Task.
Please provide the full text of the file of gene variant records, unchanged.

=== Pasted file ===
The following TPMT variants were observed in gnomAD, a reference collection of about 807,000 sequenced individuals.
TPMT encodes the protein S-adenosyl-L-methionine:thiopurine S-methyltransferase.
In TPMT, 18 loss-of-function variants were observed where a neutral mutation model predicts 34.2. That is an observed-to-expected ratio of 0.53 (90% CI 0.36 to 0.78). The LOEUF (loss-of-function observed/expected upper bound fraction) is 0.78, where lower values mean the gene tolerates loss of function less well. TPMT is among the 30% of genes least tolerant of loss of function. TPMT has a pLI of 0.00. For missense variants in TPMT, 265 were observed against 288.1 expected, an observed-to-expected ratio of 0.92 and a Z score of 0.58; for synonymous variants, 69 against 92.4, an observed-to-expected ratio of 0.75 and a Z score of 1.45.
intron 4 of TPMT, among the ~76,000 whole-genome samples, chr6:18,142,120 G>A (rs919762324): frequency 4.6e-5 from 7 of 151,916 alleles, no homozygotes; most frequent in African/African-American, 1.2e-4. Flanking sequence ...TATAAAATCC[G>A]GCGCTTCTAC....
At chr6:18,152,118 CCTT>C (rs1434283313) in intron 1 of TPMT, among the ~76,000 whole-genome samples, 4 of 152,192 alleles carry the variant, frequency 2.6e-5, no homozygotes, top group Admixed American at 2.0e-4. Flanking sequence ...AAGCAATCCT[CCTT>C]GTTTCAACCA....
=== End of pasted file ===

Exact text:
The following TPMT variants were observed in gnomAD, a reference collection of about 807,000 sequenced individuals.
TPMT encodes the protein S-adenosyl-L-methionine:thiopurine S-methyltransferase.
In TPMT, 18 loss-of-function variants were observed where a neutral mutation model predicts 34.2. That is an observed-to-expected ratio of 0.53 (90% CI 0.36 to 0.78). The LOEUF (loss-of-function observed/expected upper bound fraction) is 0.78, where lower values mean the gene tolerates loss of function less well. TPMT is among the 30% of genes least tolerant of loss of function. TPMT has a pLI of 0.00. For missense variants in TPMT, 265 were observed against 288.1 expected, an observed-to-expected ratio of 0.92 and a Z score of 0.58; for synonymous variants, 69 against 92.4, an observed-to-expected ratio of 0.75 and a Z score of 1.45.
intron 4 of TPMT, among the ~76,000 whole-genome samples, chr6:18,142,120 G>A (rs919762324): frequency 4.6e-5 from 7 of 151,916 alleles, no homozygotes; most frequent in African/African-American, 1.2e-4. Flanking sequence ...TATAAAATCC[G>A]GCGCTTCTAC....
At chr6:18,152,118 CCTT>C (rs1434283313) in intron 1 of TPMT, among the ~76,000 whole-genome samples, 4 of 152,192 alleles carry the variant, frequency 2.6e-5, no homozygotes, top group Admixed American at 2.0e-4. Flanking sequence ...AAGCAATCCT[CCTT>C]GTTTCAACCA....